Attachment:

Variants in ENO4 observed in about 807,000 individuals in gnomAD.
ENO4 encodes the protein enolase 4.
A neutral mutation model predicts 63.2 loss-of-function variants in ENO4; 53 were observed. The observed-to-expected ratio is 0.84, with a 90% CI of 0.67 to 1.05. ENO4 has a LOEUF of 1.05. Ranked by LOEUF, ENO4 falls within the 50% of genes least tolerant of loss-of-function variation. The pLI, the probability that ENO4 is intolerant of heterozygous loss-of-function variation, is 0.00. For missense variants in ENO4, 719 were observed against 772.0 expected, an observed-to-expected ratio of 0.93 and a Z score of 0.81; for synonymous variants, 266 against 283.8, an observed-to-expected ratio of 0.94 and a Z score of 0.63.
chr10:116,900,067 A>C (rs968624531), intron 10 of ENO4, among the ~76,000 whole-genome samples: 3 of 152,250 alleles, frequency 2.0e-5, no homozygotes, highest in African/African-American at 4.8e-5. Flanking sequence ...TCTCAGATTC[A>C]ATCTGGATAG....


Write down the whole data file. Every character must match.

Variants in ENO4 observed in about 807,000 individuals in gnomAD.
ENO4 encodes the protein enolase 4.
A neutral mutation model predicts 63.2 loss-of-function variants in ENO4; 53 were observed. The observed-to-expected ratio is 0.84, with a 90% CI of 0.67 to 1.05. ENO4 has a LOEUF of 1.05. Ranked by LOEUF, ENO4 falls within the 50% of genes least tolerant of loss-of-function variation. The pLI, the probability that ENO4 is intolerant of heterozygous loss-of-function variation, is 0.00. For missense variants in ENO4, 719 were observed against 772.0 expected, an observed-to-expected ratio of 0.93 and a Z score of 0.81; for synonymous variants, 266 against 283.8, an observed-to-expected ratio of 0.94 and a Z score of 0.63.
chr10:116,900,067 A>C (rs968624531), intron 10 of ENO4, among the ~76,000 whole-genome samples: 3 of 152,250 alleles, frequency 2.0e-5, no homozygotes, highest in African/African-American at 4.8e-5. Flanking sequence ...TCTCAGATTC[A>C]ATCTGGATAG....